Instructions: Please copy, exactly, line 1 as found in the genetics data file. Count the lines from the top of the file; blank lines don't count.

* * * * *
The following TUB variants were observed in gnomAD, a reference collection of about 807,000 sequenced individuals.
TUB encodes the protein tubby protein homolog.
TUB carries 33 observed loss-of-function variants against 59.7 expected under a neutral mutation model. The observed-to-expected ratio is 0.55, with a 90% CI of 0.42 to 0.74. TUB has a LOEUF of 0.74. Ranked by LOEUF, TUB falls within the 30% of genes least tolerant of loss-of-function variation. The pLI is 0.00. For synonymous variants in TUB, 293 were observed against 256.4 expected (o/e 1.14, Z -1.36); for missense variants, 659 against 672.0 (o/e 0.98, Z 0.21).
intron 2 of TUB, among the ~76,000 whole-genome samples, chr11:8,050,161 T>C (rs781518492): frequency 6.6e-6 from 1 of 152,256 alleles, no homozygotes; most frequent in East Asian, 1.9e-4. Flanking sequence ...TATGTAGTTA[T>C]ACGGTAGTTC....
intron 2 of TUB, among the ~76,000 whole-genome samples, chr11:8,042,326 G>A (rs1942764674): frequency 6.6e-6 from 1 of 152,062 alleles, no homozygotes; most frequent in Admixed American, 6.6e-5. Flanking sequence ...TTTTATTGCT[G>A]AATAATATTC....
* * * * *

The following TUB variants were observed in gnomAD, a reference collection of about 807,000 sequenced individuals.